Sleep Disorders

Sleep Disorders

Anna McCollister, Journalist

As teenagers, school, sports, jobs, and other activities often take up a majority of our lives and prevent us from getting an adequate amount of sleep. It is true that a lot of people have irregular sleep patterns, especially as teenagers who sometimes pull all-nighters to finish projects. Even I am tired of hearing that I need to get more sleep, I know I have an irregular sleep schedule. However, with these busy schedules and unnatural sleep patterns, sleep disorders sometimes get overlooked. So how do you know if you might have one?

Three very common sleep disorders are insomnia, narcolepsy, and sleep apnea, but what exactly are these diseases and how do you know if you have one?


Definition- Is technically difficulty falling asleep or staying asleep even when a person has the chance to do so.  Acute insomnia is brief and usually only happens because of life circumstances. Chronic insomnia is disrupted sleep that occurs at least three nights a week and lasts at least three months.

Causes- Stress, travel, poor sleep habits and even eating too much late in the evening can cause insomnia. Mental health issues such as PTSD, depression and other medical conditions can also cause this disease.

Symptoms- Difficulty falling or staying asleep, not feeling well-rested, waking up too early, irritability, depression or anxiety, ongoing worries about sleep


–       Relaxation training

–       Breathing exercises

–       meditation techniques

–        guided imagery

–        I also know someone who used to listen to audiobooks before he went to sleep and that helped him when he had self-diagnosed insomnia

–       There are medicines you can take (both over the counter and prescription) to help treat insomnia, but it is important to consult with your doctor before doing anything rash.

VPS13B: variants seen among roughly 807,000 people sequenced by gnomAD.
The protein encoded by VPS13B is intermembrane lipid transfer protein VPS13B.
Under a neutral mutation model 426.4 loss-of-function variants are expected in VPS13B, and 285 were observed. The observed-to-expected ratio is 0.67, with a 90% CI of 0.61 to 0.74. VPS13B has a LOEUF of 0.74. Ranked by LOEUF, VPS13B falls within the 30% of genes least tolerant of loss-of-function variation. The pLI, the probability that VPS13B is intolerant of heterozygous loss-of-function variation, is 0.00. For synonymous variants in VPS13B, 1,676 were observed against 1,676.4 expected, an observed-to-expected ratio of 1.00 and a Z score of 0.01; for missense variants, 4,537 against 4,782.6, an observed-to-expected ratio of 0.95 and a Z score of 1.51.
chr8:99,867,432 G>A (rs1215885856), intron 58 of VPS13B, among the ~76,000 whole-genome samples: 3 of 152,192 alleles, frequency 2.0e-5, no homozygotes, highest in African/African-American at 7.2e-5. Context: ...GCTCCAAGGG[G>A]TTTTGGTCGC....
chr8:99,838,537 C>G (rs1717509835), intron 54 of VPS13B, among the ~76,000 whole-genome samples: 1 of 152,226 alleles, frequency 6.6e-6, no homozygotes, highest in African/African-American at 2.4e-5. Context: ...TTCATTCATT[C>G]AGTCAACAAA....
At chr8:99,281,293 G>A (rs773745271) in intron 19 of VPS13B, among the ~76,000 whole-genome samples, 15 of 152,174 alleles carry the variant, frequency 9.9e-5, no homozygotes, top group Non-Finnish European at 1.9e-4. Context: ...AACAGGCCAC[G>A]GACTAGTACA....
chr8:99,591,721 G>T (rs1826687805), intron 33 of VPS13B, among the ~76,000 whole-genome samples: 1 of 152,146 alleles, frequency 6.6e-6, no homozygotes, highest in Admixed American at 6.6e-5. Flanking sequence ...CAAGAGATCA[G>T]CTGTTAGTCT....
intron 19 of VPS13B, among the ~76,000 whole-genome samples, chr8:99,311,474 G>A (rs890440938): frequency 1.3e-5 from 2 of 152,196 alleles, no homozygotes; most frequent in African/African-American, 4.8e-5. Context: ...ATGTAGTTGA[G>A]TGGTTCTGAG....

Definition- A sleep disorder that makes you feel overwhelmingly tired and in severe cases can cause uncontrollable sleep attacks (some states even have laws against people with narcolepsy driving without treatment because of how dangerous this disease can be).

Causes- Although the exact cause of narcolepsy is unknown, research suggests that people with the disease have low levels of the neurotransmitter hypocretin (a chemical that regulates arousal, wakefulness and appetite)


–       Daytime sleepiness

–       Uncontrollable episodes of falling asleep

–       Cataplexy (a sudden loss of muscle tone that is often triggered by intense emotions such as surprise, laughter, or anger)


–       Support groups

–       Cognition-enhancing medication

–       Antidepressants

–       Selective Serotonin Reptake

–       Limit consumption of alcohol, tobacco, and other drugs

–       Exercise

–       Practice good sleep  hygiene


Sleep Apnea:

Definition- A common disorder where you have one or more pauses in breathing or shallow breaths while you sleep (these pauses can last for a few seconds to even a few minutes)


Obesity (soft tissue in the mouth and throat can cause the airway to become blocked)

–       Enlarged tonsils

–       A large overbite

–       Tumors or growth in the airway

–       Down syndrome and Pierre-Robin syndrome

–       Narrow throated people

–       Smoking

–       Excessive alcohol use

–       The use of sedatives can be associated with sleep apnea


The breathing pauses can result in a decreased oxygen content in the blood which briefly awakens sleepers throughout the night

–       Loud snoring

–       Repeated nighttime awakenings

–       Excessive daytime sleepiness

Can lead to cardiovascular disease, accidents, and premature death


–       CPAP mask

–       Dental appliances

–       Surgery

–       Lose weight

–        Avoid alcohol

–       Quit smoking


If you want to track your nightly sleep, a good app that is free and that I have found works well is sleep cycle. Best of luck with your sleep!